This is honestly probably the hardest part of the equation at this point. While most of the principles of a direct injected engine remain the same, our ECU does a lot of stuff differently and the approach for tuning them is different from Hondas of olde - apparently more akin to German ECUs. Hell, we're still finding new tables and disables in the ECU that were mysteriously holding us back (i.e. boost being limited by exhaust gas temps aka EGT reduction). We don't have knock count, either - only knock retard levels.

    So, choose wisely. Don't just go to somebody because they've successfully tuned a couple 10th gen Si before - find someone who actually understands EFI tuning as a whole and is going to look into what makes tuning the Type R different. Almost all the tables are different.

    There aren't many remote tuners at this point, and the only one I can find online that does custom jobs and not just an off the shelf file is Derek Robinson from Innovative Motorworks. He notably developed the basemaps for KTuner, but does Hondata work as well. If you guys have suggestions for this I'll make a list here as well.

    It's not entirely hard to learn how to make minor changes yourself, either. The main change most of us make ourselves is limiting the air charge limits where we see that the fuel pump is hitting 100%, as this varies wildly with what parts you put on the K20C1.

    I posted later in this thread comparing all the basemaps as of March 2020.

    Hondata's tuning notes
    Hondata on EGT reduction
    Hondata on the fuel pump

    That being said, the basemaps provided by Hondata and KTuner are fantastic. There are maps for various combinations of fuels and parts. They all are free and come with the software, and all do a good enough job until you can find a proper tuner.

    Final note: do the pedal dance before dynoing
    A lot of you are possibly gonna run into a scary time the first time you strap on your Type R to the dyno if you don't do this. Unfortunately, holding down the VSA button is not sufficient enough for the dyno. You have to do the pedal dance, otherwise the VSA sensors are very possibly going to freak out when the wheels have significantly different speeds and put your whole car into a broken state where, among other things, turning off the car requires multiple presses and the electronic parking brake doesn't work. No, seriously. You won't be able to park your car. You have to drive around for an unknown amount of miles/minutes to clear this issue.. sometimes up to half an hour and 30 miles, which means your rented dyno hour is now wasted and again, you can't park your car.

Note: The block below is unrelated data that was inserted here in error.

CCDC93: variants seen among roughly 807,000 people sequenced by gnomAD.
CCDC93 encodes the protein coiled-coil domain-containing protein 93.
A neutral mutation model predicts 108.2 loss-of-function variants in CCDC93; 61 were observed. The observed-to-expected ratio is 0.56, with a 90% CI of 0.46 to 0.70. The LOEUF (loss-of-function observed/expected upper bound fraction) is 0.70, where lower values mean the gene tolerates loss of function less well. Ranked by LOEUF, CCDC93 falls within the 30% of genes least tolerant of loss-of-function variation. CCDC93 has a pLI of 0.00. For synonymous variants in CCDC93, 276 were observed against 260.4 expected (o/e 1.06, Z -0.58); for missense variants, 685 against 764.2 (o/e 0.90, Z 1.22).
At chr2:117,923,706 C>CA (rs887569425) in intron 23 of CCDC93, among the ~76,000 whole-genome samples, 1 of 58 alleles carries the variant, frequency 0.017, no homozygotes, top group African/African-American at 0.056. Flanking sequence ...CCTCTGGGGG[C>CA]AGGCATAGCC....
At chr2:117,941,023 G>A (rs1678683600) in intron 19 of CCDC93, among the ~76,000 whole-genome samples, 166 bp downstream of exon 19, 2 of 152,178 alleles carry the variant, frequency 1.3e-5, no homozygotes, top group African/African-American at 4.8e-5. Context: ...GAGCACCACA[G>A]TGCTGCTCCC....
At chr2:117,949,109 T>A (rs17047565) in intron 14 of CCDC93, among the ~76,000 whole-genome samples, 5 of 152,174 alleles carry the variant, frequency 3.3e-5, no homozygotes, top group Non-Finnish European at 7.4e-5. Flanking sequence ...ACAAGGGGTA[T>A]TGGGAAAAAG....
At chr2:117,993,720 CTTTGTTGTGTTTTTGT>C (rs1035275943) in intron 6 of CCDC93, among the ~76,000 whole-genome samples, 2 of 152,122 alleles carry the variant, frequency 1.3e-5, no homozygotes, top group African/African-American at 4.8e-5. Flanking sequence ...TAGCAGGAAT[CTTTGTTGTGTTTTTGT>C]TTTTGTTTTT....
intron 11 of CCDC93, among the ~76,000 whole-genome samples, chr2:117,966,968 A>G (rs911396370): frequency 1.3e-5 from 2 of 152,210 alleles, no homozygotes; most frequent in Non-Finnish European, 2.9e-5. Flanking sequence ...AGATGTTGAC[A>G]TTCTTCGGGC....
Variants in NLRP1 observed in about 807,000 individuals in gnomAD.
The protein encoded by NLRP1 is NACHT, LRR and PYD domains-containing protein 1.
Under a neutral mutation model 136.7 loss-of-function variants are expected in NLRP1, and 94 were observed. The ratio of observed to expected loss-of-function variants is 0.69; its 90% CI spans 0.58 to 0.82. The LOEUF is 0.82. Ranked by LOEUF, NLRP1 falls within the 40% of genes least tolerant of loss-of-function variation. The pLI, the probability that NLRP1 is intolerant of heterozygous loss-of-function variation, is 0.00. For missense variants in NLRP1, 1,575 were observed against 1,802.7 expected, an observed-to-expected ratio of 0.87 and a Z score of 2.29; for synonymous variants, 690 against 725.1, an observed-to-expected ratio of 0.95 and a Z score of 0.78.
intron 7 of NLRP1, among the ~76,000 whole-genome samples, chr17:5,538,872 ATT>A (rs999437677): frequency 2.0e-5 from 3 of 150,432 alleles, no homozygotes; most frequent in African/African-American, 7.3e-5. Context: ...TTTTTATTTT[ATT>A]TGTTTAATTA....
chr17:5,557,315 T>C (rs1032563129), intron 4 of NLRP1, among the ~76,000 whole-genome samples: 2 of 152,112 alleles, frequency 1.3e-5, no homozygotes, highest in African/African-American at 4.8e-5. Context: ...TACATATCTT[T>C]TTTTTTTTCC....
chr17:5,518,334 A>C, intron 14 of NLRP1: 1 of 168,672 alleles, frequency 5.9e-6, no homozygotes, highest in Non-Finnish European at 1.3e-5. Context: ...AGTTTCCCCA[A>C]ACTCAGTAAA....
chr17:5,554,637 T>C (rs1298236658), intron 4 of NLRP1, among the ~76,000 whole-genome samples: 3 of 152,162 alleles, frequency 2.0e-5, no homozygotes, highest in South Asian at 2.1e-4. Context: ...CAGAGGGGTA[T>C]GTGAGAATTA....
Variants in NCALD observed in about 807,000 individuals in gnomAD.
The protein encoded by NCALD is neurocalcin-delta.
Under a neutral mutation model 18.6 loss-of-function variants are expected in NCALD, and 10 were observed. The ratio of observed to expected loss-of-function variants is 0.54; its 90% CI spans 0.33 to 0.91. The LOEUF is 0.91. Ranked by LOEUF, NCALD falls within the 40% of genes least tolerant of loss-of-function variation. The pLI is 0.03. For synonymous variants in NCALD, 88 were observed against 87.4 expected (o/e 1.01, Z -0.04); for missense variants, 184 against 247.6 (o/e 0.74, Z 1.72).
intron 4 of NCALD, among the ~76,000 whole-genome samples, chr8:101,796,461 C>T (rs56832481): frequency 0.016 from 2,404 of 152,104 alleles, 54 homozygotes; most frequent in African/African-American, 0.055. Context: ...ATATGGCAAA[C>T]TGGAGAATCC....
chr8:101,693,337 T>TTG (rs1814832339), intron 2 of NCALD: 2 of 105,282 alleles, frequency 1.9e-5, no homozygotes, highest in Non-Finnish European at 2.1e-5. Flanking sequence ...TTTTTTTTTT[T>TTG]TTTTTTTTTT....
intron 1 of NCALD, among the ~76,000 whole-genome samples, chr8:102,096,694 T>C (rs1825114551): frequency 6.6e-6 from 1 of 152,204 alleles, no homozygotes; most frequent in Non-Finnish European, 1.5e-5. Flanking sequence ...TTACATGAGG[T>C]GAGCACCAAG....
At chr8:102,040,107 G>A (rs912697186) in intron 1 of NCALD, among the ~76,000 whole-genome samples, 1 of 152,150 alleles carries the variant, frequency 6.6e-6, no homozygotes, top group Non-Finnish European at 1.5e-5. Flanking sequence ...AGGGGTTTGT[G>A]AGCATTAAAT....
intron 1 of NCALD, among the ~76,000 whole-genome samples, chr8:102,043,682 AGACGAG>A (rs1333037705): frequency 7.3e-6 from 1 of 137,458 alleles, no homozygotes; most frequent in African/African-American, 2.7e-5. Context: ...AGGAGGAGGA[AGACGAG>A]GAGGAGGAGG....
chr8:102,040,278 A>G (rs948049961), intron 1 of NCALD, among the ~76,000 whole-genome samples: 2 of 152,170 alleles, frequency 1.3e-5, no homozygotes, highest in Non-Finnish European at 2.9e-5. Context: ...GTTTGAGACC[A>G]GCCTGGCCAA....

Other stability-related safety features are likely disabled while you have to drive around to clear this error. Leaving it in the driveway won't fix it.

    You will be forced into sport mode when VSA is disabled with the pedal dance, so make sure your tune isn't multi-stage and if it is, swap the tables around for the dyno.

    The telltale sign to know if you're ready to go is if the VSA OFF light is rapidly blinking.


    Long version:
    1. Turn on car
    2. Ensure you are in sport mode
    3. Engage parking brake if it is not already
    4. Press and hold brake pedal through steps 5-8
    5. Release parking brake
    6. Press VSA button for two seconds until disable light turns on
    7. Press VSA button for two seconds until disable light turns off
    8. Engage parking brake
    9. Release brake pedal
    10. Repeat steps 6-7 (this time without holding brake pedal)
    11. Press and hold brake pedal
    12. Repeat steps 6-7 (holding brake pedal again this time)
    13. If the VSA disabled light is illuminated with 'OFF' blinking (specifically BLINKING, not solid) next to it, you're good to go. If car has to restart or is reflashed, repeat procedure.

    Shorter version:
    1. Push brake pedal, disengage parking. Cycle VSA.
    2. Engage parking, release brake pedal. Cycle VSA.
    3. Push brake pedal. Cycle VSA.

    Available Mods

    Being that there's so many different options for everything now, I took the time to compile a list of everything I could find that is currently available for the Type R since there isn't really one place that lists/sells everything. If I missed something, please let me know. Pricing may be lower or higher depending on what sales are going on at certain retailers. Lots of these things are sold in bundles.

    Note that I don't list HP or TQ figures. Fact of the matter is, dynoing the Type R consistently is hella difficult because of how many things can temporarily reduce power output, many of which were only discovered long after these parts were manufactured. Take every dyno chart with a grain of salt. There honest to god isn't much difference from manufacturer to manufacturer except in heat soak which for the most part affects power longevity rather than peak output. We simply don't have enough reliable, third party dyno data to be making choices based on power output comparisons.